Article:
Homosexuality is already a crime in Uganda, but a bill introduced to parliament last year would seriously up the ante. The Anti-Homosexuality Bill would legislate new criminal offenses and step up the punishment for existing ones. "Aggravated homosexuality," an offense that includes everything from statutory rape to being a "serial offender" of gay acts, for example, would become a crime punishable by death. Gay men who test positive for HIV could be executed as well. Human rights groups have condemned the legislation, which comes up for consideration in the Ugandan legislature early next year. But regardless of whether the law passes, anti-gay vigilantes aren't relying on the government to do all the persecuting. A local tabloid published a list of known homosexuals earlier this year and called on readers to "hang them," NPR reported. Four of the men on the list were attacked shortly thereafter. [Update: On January 26, David Kato, a leading Ugandan gay rights advocate whose photo was featured on the cover of the newspaper, was beaten to death in Kampala.]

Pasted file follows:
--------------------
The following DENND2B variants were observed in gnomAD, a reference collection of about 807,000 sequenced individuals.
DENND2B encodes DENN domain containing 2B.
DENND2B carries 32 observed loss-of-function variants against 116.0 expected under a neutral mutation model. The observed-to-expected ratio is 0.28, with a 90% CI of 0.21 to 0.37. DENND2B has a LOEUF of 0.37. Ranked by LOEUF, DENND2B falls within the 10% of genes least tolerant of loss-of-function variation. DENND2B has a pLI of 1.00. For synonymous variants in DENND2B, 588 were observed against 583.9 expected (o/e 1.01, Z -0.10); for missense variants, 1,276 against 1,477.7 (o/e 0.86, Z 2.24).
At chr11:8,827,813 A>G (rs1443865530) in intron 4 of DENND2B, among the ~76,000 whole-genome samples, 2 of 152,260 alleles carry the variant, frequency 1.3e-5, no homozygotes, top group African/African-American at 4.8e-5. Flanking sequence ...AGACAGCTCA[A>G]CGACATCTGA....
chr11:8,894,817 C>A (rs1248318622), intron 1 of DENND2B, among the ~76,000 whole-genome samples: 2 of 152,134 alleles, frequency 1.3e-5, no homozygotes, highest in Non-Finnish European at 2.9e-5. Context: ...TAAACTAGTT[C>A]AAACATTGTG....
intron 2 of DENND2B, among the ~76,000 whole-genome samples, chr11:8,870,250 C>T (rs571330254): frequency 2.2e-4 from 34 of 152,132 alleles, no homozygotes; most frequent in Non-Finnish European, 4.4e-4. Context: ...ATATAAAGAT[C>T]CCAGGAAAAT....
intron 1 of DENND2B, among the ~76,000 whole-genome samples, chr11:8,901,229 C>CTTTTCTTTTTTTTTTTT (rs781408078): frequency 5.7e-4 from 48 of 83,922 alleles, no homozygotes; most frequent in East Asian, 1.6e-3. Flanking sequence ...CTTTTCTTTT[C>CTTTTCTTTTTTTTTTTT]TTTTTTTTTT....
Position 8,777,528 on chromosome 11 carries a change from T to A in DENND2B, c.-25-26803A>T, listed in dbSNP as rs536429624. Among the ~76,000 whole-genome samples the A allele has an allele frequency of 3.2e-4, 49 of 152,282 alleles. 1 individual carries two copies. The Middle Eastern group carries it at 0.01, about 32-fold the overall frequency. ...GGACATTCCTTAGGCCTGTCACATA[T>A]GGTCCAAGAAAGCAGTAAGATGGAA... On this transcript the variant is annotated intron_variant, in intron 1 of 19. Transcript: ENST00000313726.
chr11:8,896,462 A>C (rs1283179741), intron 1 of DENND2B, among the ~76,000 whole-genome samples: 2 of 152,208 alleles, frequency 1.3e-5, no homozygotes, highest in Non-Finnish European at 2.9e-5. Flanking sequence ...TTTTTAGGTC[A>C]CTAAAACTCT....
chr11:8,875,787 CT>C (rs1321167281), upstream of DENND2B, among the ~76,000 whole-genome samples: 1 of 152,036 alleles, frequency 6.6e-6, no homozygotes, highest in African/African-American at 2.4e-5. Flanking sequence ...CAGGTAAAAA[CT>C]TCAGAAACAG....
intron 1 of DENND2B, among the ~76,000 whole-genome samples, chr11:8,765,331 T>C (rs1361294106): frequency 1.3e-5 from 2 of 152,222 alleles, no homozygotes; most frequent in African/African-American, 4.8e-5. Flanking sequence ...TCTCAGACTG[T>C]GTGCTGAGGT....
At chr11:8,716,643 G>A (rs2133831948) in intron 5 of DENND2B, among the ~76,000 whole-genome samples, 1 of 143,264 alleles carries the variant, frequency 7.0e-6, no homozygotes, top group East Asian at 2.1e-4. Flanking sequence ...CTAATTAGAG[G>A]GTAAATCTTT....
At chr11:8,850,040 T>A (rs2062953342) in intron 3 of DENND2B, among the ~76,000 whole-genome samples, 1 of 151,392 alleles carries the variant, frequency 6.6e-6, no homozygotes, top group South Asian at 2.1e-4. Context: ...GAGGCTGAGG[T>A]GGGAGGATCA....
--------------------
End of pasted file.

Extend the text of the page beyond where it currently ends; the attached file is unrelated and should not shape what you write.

Among the many disturbing aspects of the homophobic tide sweeping Uganda is that many analysts believe it has its origins in the United States' own culture wars. As conservative Christian missionaries have flocked to the East African country to evangelize, they've often brought with them strong views about homosexuality, which seem to have caught on. The bill's sponsor is a member of "The Family," a Christian fundamentalist political and religious organization with ties to powerful members of the American evangelical movement.